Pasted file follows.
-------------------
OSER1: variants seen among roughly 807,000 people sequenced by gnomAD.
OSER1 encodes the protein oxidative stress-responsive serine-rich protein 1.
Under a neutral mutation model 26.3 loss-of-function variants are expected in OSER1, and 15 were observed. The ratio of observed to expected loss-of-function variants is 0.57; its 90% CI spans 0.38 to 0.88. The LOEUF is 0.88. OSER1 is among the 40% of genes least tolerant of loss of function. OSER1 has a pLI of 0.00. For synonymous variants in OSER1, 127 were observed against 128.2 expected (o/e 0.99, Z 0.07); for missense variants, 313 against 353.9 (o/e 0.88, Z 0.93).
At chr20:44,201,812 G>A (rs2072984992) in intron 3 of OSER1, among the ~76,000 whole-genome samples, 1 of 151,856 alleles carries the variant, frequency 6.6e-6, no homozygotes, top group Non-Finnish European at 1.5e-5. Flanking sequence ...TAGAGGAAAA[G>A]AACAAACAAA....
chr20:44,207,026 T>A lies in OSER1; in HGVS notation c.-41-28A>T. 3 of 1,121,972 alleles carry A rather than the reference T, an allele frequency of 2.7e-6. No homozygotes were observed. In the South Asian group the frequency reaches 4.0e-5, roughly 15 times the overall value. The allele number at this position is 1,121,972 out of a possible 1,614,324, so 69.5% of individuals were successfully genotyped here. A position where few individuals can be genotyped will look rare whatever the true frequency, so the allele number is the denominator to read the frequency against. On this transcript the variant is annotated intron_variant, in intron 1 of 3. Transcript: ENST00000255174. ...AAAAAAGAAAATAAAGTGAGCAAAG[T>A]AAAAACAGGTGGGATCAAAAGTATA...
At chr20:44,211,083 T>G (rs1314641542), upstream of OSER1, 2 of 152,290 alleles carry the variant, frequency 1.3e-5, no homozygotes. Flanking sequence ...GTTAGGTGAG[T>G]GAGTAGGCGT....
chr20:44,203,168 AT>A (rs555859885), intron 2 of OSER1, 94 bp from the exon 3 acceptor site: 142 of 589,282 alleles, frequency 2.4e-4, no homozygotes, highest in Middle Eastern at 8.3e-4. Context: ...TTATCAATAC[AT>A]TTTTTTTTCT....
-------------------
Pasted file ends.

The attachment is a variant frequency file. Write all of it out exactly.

OSER1: variants seen among roughly 807,000 people sequenced by gnomAD.
OSER1 encodes the protein oxidative stress-responsive serine-rich protein 1.
Under a neutral mutation model 26.3 loss-of-function variants are expected in OSER1, and 15 were observed. The ratio of observed to expected loss-of-function variants is 0.57; its 90% CI spans 0.38 to 0.88. The LOEUF is 0.88. OSER1 is among the 40% of genes least tolerant of loss of function. OSER1 has a pLI of 0.00. For synonymous variants in OSER1, 127 were observed against 128.2 expected (o/e 0.99, Z 0.07); for missense variants, 313 against 353.9 (o/e 0.88, Z 0.93).
At chr20:44,201,812 G>A (rs2072984992) in intron 3 of OSER1, among the ~76,000 whole-genome samples, 1 of 151,856 alleles carries the variant, frequency 6.6e-6, no homozygotes, top group Non-Finnish European at 1.5e-5. Flanking sequence ...TAGAGGAAAA[G>A]AACAAACAAA....
chr20:44,207,026 T>A lies in OSER1; in HGVS notation c.-41-28A>T. 3 of 1,121,972 alleles carry A rather than the reference T, an allele frequency of 2.7e-6. No homozygotes were observed. In the South Asian group the frequency reaches 4.0e-5, roughly 15 times the overall value. The allele number at this position is 1,121,972 out of a possible 1,614,324, so 69.5% of individuals were successfully genotyped here. A position where few individuals can be genotyped will look rare whatever the true frequency, so the allele number is the denominator to read the frequency against. On this transcript the variant is annotated intron_variant, in intron 1 of 3. Transcript: ENST00000255174. ...AAAAAAGAAAATAAAGTGAGCAAAG[T>A]AAAAACAGGTGGGATCAAAAGTATA...
At chr20:44,211,083 T>G (rs1314641542), upstream of OSER1, 2 of 152,290 alleles carry the variant, frequency 1.3e-5, no homozygotes. Flanking sequence ...GTTAGGTGAG[T>G]GAGTAGGCGT....
chr20:44,203,168 AT>A (rs555859885), intron 2 of OSER1, 94 bp from the exon 3 acceptor site: 142 of 589,282 alleles, frequency 2.4e-4, no homozygotes, highest in Middle Eastern at 8.3e-4. Context: ...TTATCAATAC[AT>A]TTTTTTTTCT....